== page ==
Anna Liceica and The Joffrey Survive
I want to give high praise to ex-American Ballet Theater soloist Anna Liceica, now a member of Ballet Verité, who danced recently month at a concert honoring Levi HaLevi. He was a rabbi and civil rights activist who was the father-in-law of Verité choreographer Seth Gertsacov. In Manhattan Movement and Arts Center’s black-box performance space, Liceica demonstrated that her artistry is as rare as it was when showcased on the stage of the Met.
And I want to recommend Bob Hercules’s new film Joffrey: Mavericks of
American Ballet, which is showing at Cinema Village through Friday, May 4 (it received its world premiere at the Lincoln Center Dance on Camera Festival earlier this year.) On the cringe meter, this documentary hardly even ranks. That’s high praise indeed, considering what anyone who has any regard for ballet must usually endure when the art form now makes its occasional appearance on the big or small screen.
Liceica moved with ease and beauty and dramatic potency in a sliver from Weill and Brecht’s The Seven Deadly Sins. The sin here in question was pride. Choreographer Gertsacov set up a neat snare to enmesh her in what goeth before a fall. As wonderful as was Lynn Taylor Corbett’s recent production of this same score at New York City Ballet, there’s always room for more choreographic responses to this great work. Hopefully Gertsacov will now choreograph the entire work for Liceica. This concert included students and pros, among them NYCB’s Amar Ramasar. Everyone who danced evinced the right spirit.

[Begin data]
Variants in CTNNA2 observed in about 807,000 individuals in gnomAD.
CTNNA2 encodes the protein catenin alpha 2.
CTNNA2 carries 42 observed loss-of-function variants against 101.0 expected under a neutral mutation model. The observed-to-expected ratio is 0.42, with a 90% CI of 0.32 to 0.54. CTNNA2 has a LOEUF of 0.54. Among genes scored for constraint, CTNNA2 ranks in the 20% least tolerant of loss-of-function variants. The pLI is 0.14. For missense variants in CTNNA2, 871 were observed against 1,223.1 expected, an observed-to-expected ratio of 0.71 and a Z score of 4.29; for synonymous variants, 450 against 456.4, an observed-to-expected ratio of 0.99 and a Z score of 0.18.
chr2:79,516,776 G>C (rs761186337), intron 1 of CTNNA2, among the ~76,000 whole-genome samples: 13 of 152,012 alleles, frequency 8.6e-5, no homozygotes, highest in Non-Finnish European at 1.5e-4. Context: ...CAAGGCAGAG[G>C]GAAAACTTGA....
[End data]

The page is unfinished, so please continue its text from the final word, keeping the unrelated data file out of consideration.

Ballet has always sought to enlarge its vocabulary by absorbing, appropriating, transforming different movement languages. (Of course all theatrical dance comes from folk, so the more ballet reaches outside itself the more it comes full circle.) Robert Joffrey’s interest in crafting just that kind of expansion is a running theme of the Hercules film, which chronicles the ups and downs of the company Joffrey founded in 1956. It remains very much alive today, a quarter-of-a-century after Joffrey himself died of AIDS. The movie is an act of tribute, and sometimes the claims it makes are extravagant. But they arise, one feels as one watches the film, from enthusiasm, not the attempt to coerce. Like the Ballet Verité concert, the documentary’s spirit isn’t cramped. It also addresses rough times and leadership crises in the life of the company, as well as the major contribution that Joffrey made to preserving landmarks of ballet that had often fallen into oblivion. There is lots of good performances footage.
Regrettably, the Joffrey, like Anna Liceica, is now absent from the main stages of Manhattan. It was buffeted by Joffrey’s death and the enormous drop in federal arts funding that began in the 1990s. Eventually it moved to Chicago, and its success there (it’s now got its own building), is a very rare example of the Windy City showing a sustained interesting in supporting a resident ballet company.
Read more by Joel Lobenthal at Lobenthal.com